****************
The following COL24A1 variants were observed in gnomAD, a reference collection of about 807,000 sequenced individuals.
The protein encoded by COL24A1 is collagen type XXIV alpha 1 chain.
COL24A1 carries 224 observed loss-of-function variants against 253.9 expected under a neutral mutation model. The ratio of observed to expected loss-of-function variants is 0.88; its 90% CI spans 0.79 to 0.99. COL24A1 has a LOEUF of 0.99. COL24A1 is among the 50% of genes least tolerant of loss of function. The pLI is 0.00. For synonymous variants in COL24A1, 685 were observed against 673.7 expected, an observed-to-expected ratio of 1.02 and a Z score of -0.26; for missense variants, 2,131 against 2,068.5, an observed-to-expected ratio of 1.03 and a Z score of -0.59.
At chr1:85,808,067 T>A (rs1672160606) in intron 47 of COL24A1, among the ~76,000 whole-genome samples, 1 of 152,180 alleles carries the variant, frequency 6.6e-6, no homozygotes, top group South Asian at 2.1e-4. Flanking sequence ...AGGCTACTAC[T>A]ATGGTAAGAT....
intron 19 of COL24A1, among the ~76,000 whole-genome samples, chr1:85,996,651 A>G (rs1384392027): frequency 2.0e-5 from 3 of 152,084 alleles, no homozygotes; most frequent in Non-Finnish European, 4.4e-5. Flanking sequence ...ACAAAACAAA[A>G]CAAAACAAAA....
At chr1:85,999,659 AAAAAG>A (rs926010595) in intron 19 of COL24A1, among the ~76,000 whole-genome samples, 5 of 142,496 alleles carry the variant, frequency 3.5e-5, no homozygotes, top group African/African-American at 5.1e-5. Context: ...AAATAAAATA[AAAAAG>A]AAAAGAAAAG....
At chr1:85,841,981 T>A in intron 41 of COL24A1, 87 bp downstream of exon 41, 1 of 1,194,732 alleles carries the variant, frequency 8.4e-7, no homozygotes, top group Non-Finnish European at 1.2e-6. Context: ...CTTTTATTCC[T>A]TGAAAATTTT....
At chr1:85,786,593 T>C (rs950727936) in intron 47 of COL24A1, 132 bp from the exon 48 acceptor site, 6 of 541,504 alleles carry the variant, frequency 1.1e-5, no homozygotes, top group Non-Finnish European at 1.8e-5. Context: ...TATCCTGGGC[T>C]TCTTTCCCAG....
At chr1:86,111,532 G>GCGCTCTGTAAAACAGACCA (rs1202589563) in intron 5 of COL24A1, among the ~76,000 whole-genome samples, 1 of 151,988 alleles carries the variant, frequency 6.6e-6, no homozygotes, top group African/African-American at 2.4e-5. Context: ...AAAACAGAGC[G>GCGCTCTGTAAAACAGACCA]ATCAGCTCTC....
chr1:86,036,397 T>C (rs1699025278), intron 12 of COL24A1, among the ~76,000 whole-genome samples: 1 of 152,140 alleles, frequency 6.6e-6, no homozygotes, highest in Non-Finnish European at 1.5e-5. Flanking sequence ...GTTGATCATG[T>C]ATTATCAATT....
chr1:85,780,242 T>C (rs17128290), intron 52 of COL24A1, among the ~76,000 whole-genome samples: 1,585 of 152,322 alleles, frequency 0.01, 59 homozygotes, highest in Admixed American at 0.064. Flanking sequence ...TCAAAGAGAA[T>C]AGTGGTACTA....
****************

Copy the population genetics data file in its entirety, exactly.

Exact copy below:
The following COL24A1 variants were observed in gnomAD, a reference collection of about 807,000 sequenced individuals.
The protein encoded by COL24A1 is collagen type XXIV alpha 1 chain.
COL24A1 carries 224 observed loss-of-function variants against 253.9 expected under a neutral mutation model. The ratio of observed to expected loss-of-function variants is 0.88; its 90% CI spans 0.79 to 0.99. COL24A1 has a LOEUF of 0.99. COL24A1 is among the 50% of genes least tolerant of loss of function. The pLI is 0.00. For synonymous variants in COL24A1, 685 were observed against 673.7 expected, an observed-to-expected ratio of 1.02 and a Z score of -0.26; for missense variants, 2,131 against 2,068.5, an observed-to-expected ratio of 1.03 and a Z score of -0.59.
At chr1:85,808,067 T>A (rs1672160606) in intron 47 of COL24A1, among the ~76,000 whole-genome samples, 1 of 152,180 alleles carries the variant, frequency 6.6e-6, no homozygotes, top group South Asian at 2.1e-4. Flanking sequence ...AGGCTACTAC[T>A]ATGGTAAGAT....
intron 19 of COL24A1, among the ~76,000 whole-genome samples, chr1:85,996,651 A>G (rs1384392027): frequency 2.0e-5 from 3 of 152,084 alleles, no homozygotes; most frequent in Non-Finnish European, 4.4e-5. Flanking sequence ...ACAAAACAAA[A>G]CAAAACAAAA....
At chr1:85,999,659 AAAAAG>A (rs926010595) in intron 19 of COL24A1, among the ~76,000 whole-genome samples, 5 of 142,496 alleles carry the variant, frequency 3.5e-5, no homozygotes, top group African/African-American at 5.1e-5. Context: ...AAATAAAATA[AAAAAG>A]AAAAGAAAAG....
At chr1:85,841,981 T>A in intron 41 of COL24A1, 87 bp downstream of exon 41, 1 of 1,194,732 alleles carries the variant, frequency 8.4e-7, no homozygotes, top group Non-Finnish European at 1.2e-6. Context: ...CTTTTATTCC[T>A]TGAAAATTTT....
At chr1:85,786,593 T>C (rs950727936) in intron 47 of COL24A1, 132 bp from the exon 48 acceptor site, 6 of 541,504 alleles carry the variant, frequency 1.1e-5, no homozygotes, top group Non-Finnish European at 1.8e-5. Context: ...TATCCTGGGC[T>C]TCTTTCCCAG....
At chr1:86,111,532 G>GCGCTCTGTAAAACAGACCA (rs1202589563) in intron 5 of COL24A1, among the ~76,000 whole-genome samples, 1 of 151,988 alleles carries the variant, frequency 6.6e-6, no homozygotes, top group African/African-American at 2.4e-5. Context: ...AAAACAGAGC[G>GCGCTCTGTAAAACAGACCA]ATCAGCTCTC....
chr1:86,036,397 T>C (rs1699025278), intron 12 of COL24A1, among the ~76,000 whole-genome samples: 1 of 152,140 alleles, frequency 6.6e-6, no homozygotes, highest in Non-Finnish European at 1.5e-5. Flanking sequence ...GTTGATCATG[T>C]ATTATCAATT....
chr1:85,780,242 T>C (rs17128290), intron 52 of COL24A1, among the ~76,000 whole-genome samples: 1,585 of 152,322 alleles, frequency 0.01, 59 homozygotes, highest in Admixed American at 0.064. Flanking sequence ...TCAAAGAGAA[T>C]AGTGGTACTA....